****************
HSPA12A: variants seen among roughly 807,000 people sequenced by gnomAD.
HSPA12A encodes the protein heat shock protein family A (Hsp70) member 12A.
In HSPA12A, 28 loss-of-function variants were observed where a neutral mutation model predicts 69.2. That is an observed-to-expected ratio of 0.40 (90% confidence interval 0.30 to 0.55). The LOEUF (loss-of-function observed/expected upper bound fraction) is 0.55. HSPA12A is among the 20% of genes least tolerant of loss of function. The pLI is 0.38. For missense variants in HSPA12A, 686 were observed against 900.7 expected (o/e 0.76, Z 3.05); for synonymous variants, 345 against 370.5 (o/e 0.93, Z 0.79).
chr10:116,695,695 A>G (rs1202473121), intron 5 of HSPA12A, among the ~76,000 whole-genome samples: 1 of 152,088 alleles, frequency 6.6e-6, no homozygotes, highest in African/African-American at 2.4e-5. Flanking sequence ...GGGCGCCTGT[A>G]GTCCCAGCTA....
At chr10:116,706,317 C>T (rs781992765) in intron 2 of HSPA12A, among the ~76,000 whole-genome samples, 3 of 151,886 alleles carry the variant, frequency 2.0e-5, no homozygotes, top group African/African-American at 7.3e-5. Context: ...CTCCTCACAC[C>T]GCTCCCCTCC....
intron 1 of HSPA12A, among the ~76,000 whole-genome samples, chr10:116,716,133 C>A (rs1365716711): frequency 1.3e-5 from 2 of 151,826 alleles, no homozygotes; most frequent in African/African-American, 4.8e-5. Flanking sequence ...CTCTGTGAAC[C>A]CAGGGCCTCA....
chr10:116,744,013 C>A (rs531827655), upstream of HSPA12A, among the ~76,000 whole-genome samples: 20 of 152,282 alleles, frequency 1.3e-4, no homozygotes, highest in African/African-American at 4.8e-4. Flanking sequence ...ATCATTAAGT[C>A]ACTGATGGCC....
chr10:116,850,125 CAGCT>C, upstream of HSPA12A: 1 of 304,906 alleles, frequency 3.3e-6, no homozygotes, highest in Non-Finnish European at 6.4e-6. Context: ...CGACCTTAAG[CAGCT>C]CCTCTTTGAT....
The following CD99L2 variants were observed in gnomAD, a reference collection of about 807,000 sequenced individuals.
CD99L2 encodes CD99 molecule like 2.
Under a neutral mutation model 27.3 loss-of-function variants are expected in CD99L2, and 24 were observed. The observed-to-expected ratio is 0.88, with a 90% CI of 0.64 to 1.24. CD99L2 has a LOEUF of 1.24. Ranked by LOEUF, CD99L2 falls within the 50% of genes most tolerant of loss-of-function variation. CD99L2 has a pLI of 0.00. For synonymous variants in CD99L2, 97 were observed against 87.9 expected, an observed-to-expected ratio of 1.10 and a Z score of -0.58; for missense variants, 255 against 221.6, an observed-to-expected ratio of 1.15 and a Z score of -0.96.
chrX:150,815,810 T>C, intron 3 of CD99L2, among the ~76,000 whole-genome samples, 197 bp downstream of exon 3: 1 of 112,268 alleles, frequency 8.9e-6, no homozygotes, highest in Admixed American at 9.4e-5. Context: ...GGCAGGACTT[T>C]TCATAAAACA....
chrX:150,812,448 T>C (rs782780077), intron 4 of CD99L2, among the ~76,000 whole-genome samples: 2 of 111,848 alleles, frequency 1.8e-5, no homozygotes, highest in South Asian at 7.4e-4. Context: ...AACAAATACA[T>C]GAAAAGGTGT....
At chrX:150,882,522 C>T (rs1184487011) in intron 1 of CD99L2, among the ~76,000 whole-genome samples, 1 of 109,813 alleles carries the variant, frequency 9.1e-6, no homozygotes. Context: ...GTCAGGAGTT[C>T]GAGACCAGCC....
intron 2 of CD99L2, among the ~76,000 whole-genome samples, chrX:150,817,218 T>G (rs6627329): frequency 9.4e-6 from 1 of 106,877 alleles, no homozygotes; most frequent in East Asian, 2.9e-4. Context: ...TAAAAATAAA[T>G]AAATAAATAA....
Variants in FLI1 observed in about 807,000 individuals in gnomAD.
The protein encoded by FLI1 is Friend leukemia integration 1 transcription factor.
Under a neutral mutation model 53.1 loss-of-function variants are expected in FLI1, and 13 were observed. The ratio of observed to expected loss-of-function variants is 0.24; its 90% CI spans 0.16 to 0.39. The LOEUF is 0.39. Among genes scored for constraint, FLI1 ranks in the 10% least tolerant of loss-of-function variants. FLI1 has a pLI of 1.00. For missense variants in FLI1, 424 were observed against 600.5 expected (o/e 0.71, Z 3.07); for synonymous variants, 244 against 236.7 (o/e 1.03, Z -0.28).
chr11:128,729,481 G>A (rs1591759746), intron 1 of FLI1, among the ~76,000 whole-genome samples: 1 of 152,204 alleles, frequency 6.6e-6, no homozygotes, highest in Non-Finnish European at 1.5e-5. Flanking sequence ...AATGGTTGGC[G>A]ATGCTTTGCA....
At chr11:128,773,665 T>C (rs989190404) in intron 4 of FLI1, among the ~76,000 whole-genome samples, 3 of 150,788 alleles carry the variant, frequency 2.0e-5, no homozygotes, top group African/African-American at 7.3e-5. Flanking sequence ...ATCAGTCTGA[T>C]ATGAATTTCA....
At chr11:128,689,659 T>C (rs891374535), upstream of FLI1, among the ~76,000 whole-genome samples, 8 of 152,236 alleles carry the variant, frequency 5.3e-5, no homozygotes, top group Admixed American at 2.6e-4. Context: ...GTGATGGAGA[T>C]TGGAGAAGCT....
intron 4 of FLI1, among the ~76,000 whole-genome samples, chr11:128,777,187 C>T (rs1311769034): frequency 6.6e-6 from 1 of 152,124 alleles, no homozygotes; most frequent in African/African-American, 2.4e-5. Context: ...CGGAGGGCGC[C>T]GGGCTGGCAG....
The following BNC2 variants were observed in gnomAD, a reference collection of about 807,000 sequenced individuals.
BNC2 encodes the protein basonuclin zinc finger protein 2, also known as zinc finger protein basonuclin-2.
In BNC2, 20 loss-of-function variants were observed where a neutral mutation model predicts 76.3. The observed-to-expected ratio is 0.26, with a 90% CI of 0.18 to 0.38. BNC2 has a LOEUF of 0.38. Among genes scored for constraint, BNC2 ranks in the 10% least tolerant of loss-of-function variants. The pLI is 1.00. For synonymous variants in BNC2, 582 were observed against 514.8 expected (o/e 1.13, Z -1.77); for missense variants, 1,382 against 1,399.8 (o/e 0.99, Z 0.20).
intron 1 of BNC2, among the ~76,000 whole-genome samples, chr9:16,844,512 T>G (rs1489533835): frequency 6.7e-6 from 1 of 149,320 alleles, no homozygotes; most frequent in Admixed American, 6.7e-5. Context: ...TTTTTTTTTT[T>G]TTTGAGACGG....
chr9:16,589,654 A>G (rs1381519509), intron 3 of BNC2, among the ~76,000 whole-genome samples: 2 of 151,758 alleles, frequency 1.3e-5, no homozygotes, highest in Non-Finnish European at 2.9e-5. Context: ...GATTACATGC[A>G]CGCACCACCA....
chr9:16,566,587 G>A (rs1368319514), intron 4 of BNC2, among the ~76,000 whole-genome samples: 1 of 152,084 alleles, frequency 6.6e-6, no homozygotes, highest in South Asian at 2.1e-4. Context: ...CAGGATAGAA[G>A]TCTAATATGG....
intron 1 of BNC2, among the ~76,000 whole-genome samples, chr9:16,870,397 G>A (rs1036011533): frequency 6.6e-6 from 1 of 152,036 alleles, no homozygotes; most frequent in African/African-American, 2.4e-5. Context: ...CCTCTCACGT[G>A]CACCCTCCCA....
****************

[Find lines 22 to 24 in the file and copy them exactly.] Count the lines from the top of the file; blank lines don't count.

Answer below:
intron 4 of FLI1, among the ~76,000 whole-genome samples, chr11:128,777,187 C>T (rs1311769034): frequency 6.6e-6 from 1 of 152,124 alleles, no homozygotes; most frequent in African/African-American, 2.4e-5. Context: ...CGGAGGGCGC[C>T]GGGCTGGCAG....
The following BNC2 variants were observed in gnomAD, a reference collection of about 807,000 sequenced individuals.
BNC2 encodes the protein basonuclin zinc finger protein 2, also known as zinc finger protein basonuclin-2.